Gaby Mordel (Niselovich) was born in 1935 in Liepaja, Latvia. Her native languages are Latvian and German. In October 1972 she and her family came to Israel. Her husband is the journalist Georg Mordel. For the past 20 years she has been working at the Center for Clearance of Jewish Compensations from Germany. Evacuated from Riga. (In the evacuation she resided in Kyrgyzstan.)
A SUITCASE ON A DUSTY ROAD
On June 3, 1941 I woke up and saw a garland of inflatable balloons over my bed. In front of the sofa stood a toy store with shelves, drawers, counters. Behind the counter sat my favorite teddy bear in a white apron. Each drawer was full of toys, candy, ribbons. My proud parents hugged me, whirled around the room, kissed and sang. I was 6 years old.
Three weeks later the war began.
On the day of the evacuation I woke up as usual and saw a packed suitcase in the living room. Mom was leaving, perhaps to her office. I remember that she told my father, “I’ll be right back, come down to the entrance and wait for me.”
We waited for her in the yard from early morning until dark. I sat on the suitcase, and my father kept running to the gate and looking out into the street. The city was unusually noisy. Vehicle sirens, people screaming, and the distant rumble created a sense of danger. Mom did not come. I saw my father all wrought up. I also looked out of the yard and saw big green cars moving in our street; the sidewalks were cordoned off and people in uniform did not allow anyone to cross the street.
At one point, my father said, “Let’s go.” He lifted the suitcase with things he did not want to leave, took my hand, and we headed out of town. We walked first on the pavement, then on the dusty road. We were overtaken by cars, motorcycles, carts, bicycles. Walking families merged into a huge crowd. Everybody had bags and bundles. Some carried things on their shoulders, some in baby carriages. We were already in the country. For some time I walked myself then dad carried me; I lay on his shoulder and looked back at the silhouette of Riga crowned with a purple glow.
It was getting dark. Dad was deadly tired, exhausted. The road was empty, everyone had gone ahead. In the dark we were lit by headlights. A red fire truck loomed behind. Its body was full of people. The driver hooted trying to drive my father out of the way, but dad did not give in; he raised me so that the driver saw the child.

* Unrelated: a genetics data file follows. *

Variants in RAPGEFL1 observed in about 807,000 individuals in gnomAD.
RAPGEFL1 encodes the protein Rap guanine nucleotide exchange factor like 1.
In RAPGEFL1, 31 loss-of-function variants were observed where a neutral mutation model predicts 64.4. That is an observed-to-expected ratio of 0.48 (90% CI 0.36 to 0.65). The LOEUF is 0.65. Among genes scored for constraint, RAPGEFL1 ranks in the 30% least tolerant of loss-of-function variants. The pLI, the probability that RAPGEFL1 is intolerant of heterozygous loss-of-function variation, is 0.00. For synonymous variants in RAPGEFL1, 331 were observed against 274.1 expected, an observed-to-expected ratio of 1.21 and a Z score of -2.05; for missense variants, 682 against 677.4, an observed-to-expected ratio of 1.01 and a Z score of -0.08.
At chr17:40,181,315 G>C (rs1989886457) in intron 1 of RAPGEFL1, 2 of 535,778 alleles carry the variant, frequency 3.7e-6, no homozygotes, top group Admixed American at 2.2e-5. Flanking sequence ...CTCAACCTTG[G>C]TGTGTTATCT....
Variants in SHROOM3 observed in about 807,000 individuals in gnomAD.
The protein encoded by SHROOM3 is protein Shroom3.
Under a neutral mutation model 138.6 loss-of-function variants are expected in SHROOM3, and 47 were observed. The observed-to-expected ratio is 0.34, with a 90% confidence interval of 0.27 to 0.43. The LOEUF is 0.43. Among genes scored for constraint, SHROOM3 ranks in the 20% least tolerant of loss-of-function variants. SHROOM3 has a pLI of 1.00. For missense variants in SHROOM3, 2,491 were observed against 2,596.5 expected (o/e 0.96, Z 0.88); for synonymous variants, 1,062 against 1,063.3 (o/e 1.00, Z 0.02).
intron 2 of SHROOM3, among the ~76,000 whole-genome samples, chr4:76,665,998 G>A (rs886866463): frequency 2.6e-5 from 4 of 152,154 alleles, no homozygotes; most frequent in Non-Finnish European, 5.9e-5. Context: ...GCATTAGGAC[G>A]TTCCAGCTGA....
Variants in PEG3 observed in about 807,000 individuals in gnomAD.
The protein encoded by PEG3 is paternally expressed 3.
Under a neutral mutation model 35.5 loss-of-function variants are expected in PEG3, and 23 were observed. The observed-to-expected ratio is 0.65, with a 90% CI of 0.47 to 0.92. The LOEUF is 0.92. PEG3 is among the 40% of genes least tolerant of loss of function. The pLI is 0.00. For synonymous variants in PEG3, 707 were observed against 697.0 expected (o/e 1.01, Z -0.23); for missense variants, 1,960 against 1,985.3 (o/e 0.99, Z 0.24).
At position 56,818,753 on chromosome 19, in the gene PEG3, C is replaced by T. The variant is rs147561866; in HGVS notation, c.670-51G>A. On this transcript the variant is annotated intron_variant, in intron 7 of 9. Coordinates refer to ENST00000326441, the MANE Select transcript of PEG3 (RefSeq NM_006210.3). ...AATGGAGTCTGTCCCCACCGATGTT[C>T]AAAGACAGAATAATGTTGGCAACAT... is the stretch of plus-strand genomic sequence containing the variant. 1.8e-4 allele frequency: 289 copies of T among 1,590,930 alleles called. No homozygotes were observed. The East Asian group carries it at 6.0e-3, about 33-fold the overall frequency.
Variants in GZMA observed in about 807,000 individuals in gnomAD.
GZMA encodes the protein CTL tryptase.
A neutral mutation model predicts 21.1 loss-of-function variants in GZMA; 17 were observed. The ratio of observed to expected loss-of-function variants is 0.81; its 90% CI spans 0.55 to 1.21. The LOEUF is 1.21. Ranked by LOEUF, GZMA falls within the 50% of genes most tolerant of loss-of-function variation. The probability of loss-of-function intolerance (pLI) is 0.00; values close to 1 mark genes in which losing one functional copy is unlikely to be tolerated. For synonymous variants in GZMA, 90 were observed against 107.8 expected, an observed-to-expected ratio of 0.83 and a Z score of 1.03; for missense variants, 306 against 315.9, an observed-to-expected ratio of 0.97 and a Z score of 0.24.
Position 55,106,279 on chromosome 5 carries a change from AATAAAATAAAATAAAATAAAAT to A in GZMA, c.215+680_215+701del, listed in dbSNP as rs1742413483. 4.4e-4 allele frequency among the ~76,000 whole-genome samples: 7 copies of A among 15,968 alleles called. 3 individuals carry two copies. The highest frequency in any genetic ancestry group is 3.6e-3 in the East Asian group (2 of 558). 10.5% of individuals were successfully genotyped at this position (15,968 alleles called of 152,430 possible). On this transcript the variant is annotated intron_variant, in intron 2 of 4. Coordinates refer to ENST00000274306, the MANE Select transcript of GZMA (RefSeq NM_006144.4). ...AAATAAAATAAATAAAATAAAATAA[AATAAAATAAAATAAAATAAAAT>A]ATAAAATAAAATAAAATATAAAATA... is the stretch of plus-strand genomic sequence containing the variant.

The truck stopped. I was picked up, dragged inside. They did not want to let my dad in with the suitcase: “There is no place. Drop it!”
When father was inside the truck moved on. And I was sitting on my father’s hands and looking, as long as I could, at the lone suitcase standing in the moonlight in the middle of the road: the last thing my father and I had left from our previous life.
The fire truck took us to a train station. Pushing and jostling people besieged the freight train cars. We somehow got in and then for a long, long time, sometimes quickly, sometimes slowly we drove farther and farther away from Riga. All three tiers of the car were packed. Someone had a kerosene stove and they gave me a cup of hot broth.
At stations, soldier canteens were working, so dad brought some food. He got a soldier’s pot and a copper spoon. With the lavatory it was worse: it was not in the cars, so people jumped at the station and took a leak under the cars right in front of everybody. Now and then air raids were announced over the loudspeakers; then we all jumped out of the cars and ran into the woods. People kept losing each other and their kids. The people killed and wounded in the bombings were left behind and the train picked up speed again and took us away.
So we traveled in trains, carts, and ships, and eventually landed in Central Asia. Mom found us a year later in Kyrgyzstan where she soon got sick and died and Dad – then 33 – was left with me in his arms, without family and without means of existence.
I still remember the names of the cities on our way to evacuation, such as Kuibyshev, Saratov, and Engels. Finally it was Kyrgyzstan. Central Asia adopted the European refugees with oriental hospitality. I remember my dad and I sitting near a huge cauldron where a whole lamb with rice was cooked on the fire. Around the fire sat people looking very strange to me: they were dark, full-faced, with narrow eyes and big hats on their heads. The men had black mustaches and the women had kerchiefs tied on their heads. When the pilaf was ready, everyone was given a ladle and the hosts began to eat directly from the cauldron. What struck me – they ate with hands! I had never seen anyone in Latvia eating from dishes with bare hands. The Kyrgyzs put together three fingers, scraped food and carried it to their mouth. Then they licked their fingers. I refused to eat like this as I remembered that at home my father had taught me to eat nicely and with no sound. At this moment, the copper spoon hidden in dad’s sock became handy.
I do not know how my mother found us in Kyrgyzstan. First, we were given a family room in the barracks, in front of which was a horrible pit, or rather a ditch turned by the refugees into a lavatory. Then we moved to a house, probably the former club of the village, where we were given a room with a table, a bed, and a stove with an oven. They built a stove-bench for me along the wall heated by the hot smoke from the stove.
I enrolled in kindergarten. It was in another village, and my mother had to take me there across the steppe. When the rains came my mother carried me, a big girl, in her arms through the mud, and we sang a Latvian song together: “Pati mate dublos brida, mani nesa rocinas.” (“My mother wandered through the mud, carried me in her arms.”)
I did not know Russian and felt lonely, often escaping from the kindergarten and trudging home alone across the steppe.